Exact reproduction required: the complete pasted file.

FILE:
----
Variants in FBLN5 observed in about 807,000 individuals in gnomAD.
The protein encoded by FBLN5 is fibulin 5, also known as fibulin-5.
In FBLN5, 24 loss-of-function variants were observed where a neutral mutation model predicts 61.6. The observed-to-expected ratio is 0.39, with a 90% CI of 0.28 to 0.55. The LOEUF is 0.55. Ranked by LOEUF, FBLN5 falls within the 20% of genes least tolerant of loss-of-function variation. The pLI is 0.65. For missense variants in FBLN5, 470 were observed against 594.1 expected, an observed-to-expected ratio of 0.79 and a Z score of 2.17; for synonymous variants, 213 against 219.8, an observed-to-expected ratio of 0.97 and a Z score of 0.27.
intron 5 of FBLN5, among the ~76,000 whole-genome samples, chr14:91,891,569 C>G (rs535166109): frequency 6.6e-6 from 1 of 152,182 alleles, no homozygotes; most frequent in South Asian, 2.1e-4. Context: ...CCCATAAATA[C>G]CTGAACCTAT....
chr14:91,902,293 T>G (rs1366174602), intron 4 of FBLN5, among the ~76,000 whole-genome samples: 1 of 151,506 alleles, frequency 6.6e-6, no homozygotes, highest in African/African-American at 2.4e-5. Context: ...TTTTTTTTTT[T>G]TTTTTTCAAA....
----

Variants in FBLN5 observed in about 807,000 individuals in gnomAD.
The protein encoded by FBLN5 is fibulin 5, also known as fibulin-5.
In FBLN5, 24 loss-of-function variants were observed where a neutral mutation model predicts 61.6. The observed-to-expected ratio is 0.39, with a 90% CI of 0.28 to 0.55. The LOEUF is 0.55. Ranked by LOEUF, FBLN5 falls within the 20% of genes least tolerant of loss-of-function variation. The pLI is 0.65. For missense variants in FBLN5, 470 were observed against 594.1 expected, an observed-to-expected ratio of 0.79 and a Z score of 2.17; for synonymous variants, 213 against 219.8, an observed-to-expected ratio of 0.97 and a Z score of 0.27.
intron 5 of FBLN5, among the ~76,000 whole-genome samples, chr14:91,891,569 C>G (rs535166109): frequency 6.6e-6 from 1 of 152,182 alleles, no homozygotes; most frequent in South Asian, 2.1e-4. Context: ...CCCATAAATA[C>G]CTGAACCTAT....
chr14:91,902,293 T>G (rs1366174602), intron 4 of FBLN5, among the ~76,000 whole-genome samples: 1 of 151,506 alleles, frequency 6.6e-6, no homozygotes, highest in African/African-American at 2.4e-5. Context: ...TTTTTTTTTT[T>G]TTTTTTCAAA....